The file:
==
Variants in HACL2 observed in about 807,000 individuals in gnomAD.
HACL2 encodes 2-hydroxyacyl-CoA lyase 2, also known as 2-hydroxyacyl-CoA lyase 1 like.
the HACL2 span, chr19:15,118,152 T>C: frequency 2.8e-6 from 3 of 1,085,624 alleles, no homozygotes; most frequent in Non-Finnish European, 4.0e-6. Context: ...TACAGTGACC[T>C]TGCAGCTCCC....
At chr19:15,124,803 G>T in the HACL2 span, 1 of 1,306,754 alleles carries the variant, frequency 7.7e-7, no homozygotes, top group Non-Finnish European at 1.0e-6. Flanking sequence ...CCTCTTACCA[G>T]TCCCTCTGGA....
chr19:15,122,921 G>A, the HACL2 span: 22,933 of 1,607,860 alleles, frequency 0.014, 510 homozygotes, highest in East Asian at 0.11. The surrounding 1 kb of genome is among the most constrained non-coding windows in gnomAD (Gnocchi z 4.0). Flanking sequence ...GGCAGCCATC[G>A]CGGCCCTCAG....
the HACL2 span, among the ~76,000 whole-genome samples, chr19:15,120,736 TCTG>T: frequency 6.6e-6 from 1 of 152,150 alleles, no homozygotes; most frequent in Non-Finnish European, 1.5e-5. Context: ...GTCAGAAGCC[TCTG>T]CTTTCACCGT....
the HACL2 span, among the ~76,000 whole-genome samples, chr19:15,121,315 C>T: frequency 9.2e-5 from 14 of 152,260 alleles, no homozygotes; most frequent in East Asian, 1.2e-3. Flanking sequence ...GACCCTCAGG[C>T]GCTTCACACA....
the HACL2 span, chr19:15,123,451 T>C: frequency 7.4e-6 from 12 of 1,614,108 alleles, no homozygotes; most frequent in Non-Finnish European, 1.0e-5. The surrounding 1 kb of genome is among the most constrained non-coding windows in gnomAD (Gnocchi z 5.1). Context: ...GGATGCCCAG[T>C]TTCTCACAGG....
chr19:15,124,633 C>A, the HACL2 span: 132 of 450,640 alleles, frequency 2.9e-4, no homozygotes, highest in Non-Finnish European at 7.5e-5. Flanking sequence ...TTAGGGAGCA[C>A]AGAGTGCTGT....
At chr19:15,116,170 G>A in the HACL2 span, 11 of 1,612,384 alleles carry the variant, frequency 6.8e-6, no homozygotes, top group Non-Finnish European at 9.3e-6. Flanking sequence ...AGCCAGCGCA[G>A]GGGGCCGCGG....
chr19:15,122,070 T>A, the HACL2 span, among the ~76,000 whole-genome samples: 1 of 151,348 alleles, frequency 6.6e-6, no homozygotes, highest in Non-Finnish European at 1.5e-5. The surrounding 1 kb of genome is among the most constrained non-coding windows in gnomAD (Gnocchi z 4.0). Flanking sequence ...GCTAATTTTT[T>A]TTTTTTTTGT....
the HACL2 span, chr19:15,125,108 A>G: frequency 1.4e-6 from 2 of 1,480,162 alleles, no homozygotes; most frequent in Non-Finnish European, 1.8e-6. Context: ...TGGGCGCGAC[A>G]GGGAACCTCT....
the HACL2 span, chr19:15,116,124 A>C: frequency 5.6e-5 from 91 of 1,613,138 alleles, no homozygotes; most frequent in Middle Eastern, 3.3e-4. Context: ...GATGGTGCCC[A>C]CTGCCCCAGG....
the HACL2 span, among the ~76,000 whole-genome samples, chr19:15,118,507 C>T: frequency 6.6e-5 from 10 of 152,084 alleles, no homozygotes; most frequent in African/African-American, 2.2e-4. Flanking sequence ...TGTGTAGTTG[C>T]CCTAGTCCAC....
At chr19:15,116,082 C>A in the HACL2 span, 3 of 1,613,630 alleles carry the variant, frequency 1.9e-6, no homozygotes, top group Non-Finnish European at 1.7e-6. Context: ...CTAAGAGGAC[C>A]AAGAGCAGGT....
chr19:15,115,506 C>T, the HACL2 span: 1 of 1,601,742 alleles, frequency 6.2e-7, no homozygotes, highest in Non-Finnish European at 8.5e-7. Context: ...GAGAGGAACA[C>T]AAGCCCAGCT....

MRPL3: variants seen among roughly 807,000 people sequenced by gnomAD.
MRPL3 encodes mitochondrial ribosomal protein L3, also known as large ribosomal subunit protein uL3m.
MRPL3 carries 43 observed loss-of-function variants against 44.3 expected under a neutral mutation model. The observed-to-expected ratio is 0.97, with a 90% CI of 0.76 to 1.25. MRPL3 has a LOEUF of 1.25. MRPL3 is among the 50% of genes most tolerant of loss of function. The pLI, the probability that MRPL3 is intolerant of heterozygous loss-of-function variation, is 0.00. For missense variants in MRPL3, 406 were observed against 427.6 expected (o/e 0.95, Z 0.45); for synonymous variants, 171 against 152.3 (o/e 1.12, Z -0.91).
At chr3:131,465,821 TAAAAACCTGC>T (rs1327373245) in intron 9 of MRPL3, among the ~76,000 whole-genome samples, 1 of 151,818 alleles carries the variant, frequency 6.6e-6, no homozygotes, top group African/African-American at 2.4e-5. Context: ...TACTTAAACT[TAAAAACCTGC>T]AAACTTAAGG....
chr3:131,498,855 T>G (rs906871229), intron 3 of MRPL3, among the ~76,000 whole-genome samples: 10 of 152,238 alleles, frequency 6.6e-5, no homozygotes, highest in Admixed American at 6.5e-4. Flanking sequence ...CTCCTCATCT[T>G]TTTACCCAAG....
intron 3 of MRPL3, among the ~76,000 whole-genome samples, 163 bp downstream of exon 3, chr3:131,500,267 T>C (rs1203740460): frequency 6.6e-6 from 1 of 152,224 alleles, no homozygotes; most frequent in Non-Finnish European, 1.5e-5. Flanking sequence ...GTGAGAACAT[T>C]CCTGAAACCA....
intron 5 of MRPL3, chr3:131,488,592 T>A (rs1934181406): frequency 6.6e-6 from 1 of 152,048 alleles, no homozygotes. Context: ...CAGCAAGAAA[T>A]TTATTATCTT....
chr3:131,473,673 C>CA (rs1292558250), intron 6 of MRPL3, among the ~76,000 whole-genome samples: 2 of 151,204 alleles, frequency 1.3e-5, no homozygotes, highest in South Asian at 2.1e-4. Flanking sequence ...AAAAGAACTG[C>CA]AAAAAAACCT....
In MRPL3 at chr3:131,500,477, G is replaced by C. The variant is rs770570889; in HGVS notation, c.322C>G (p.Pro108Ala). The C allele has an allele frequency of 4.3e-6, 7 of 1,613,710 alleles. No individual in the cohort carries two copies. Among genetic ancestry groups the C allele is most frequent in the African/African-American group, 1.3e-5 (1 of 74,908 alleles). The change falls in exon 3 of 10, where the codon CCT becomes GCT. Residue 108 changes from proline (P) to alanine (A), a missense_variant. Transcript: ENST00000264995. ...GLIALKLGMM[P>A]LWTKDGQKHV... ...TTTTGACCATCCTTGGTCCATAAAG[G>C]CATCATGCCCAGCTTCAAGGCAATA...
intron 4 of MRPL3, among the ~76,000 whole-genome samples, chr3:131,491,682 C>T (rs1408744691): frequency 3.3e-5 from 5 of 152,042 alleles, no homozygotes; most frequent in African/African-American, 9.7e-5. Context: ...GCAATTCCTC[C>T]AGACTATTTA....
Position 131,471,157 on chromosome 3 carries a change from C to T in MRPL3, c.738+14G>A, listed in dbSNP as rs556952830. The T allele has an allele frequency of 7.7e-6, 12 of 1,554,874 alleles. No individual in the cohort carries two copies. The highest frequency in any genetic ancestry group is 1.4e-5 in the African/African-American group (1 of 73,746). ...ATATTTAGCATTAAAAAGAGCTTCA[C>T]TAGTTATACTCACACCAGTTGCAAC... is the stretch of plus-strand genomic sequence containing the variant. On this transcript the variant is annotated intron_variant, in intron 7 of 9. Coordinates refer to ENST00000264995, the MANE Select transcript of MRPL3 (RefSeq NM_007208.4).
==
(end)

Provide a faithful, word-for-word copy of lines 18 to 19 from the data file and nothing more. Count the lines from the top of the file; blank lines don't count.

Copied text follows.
MRPL3 encodes mitochondrial ribosomal protein L3, also known as large ribosomal subunit protein uL3m.
MRPL3 carries 43 observed loss-of-function variants against 44.3 expected under a neutral mutation model. The observed-to-expected ratio is 0.97, with a 90% CI of 0.76 to 1.25. MRPL3 has a LOEUF of 1.25. MRPL3 is among the 50% of genes most tolerant of loss of function. The pLI, the probability that MRPL3 is intolerant of heterozygous loss-of-function variation, is 0.00. For missense variants in MRPL3, 406 were observed against 427.6 expected (o/e 0.95, Z 0.45); for synonymous variants, 171 against 152.3 (o/e 1.12, Z -0.91).